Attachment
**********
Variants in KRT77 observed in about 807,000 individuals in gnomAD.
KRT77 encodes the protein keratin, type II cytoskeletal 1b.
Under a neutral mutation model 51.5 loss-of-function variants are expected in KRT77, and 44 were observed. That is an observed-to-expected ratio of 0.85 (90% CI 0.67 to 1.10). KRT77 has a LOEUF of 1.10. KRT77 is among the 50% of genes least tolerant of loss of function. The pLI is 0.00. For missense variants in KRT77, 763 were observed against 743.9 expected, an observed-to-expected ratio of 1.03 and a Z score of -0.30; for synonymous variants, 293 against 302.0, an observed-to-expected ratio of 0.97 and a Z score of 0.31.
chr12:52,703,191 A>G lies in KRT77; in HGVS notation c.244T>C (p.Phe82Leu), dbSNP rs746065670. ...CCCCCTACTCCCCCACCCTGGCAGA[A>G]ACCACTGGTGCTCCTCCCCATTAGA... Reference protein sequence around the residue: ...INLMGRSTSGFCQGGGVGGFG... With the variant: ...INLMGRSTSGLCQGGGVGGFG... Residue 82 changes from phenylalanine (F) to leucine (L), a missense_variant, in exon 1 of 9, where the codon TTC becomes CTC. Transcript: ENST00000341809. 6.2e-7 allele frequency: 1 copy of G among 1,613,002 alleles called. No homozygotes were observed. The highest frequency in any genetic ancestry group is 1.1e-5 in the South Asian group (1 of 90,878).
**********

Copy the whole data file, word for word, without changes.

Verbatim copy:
Variants in KRT77 observed in about 807,000 individuals in gnomAD.
KRT77 encodes the protein keratin, type II cytoskeletal 1b.
Under a neutral mutation model 51.5 loss-of-function variants are expected in KRT77, and 44 were observed. That is an observed-to-expected ratio of 0.85 (90% CI 0.67 to 1.10). KRT77 has a LOEUF of 1.10. KRT77 is among the 50% of genes least tolerant of loss of function. The pLI is 0.00. For missense variants in KRT77, 763 were observed against 743.9 expected, an observed-to-expected ratio of 1.03 and a Z score of -0.30; for synonymous variants, 293 against 302.0, an observed-to-expected ratio of 0.97 and a Z score of 0.31.
chr12:52,703,191 A>G lies in KRT77; in HGVS notation c.244T>C (p.Phe82Leu), dbSNP rs746065670. ...CCCCCTACTCCCCCACCCTGGCAGA[A>G]ACCACTGGTGCTCCTCCCCATTAGA... Reference protein sequence around the residue: ...INLMGRSTSGFCQGGGVGGFG... With the variant: ...INLMGRSTSGLCQGGGVGGFG... Residue 82 changes from phenylalanine (F) to leucine (L), a missense_variant, in exon 1 of 9, where the codon TTC becomes CTC. Transcript: ENST00000341809. 6.2e-7 allele frequency: 1 copy of G among 1,613,002 alleles called. No homozygotes were observed. The highest frequency in any genetic ancestry group is 1.1e-5 in the South Asian group (1 of 90,878).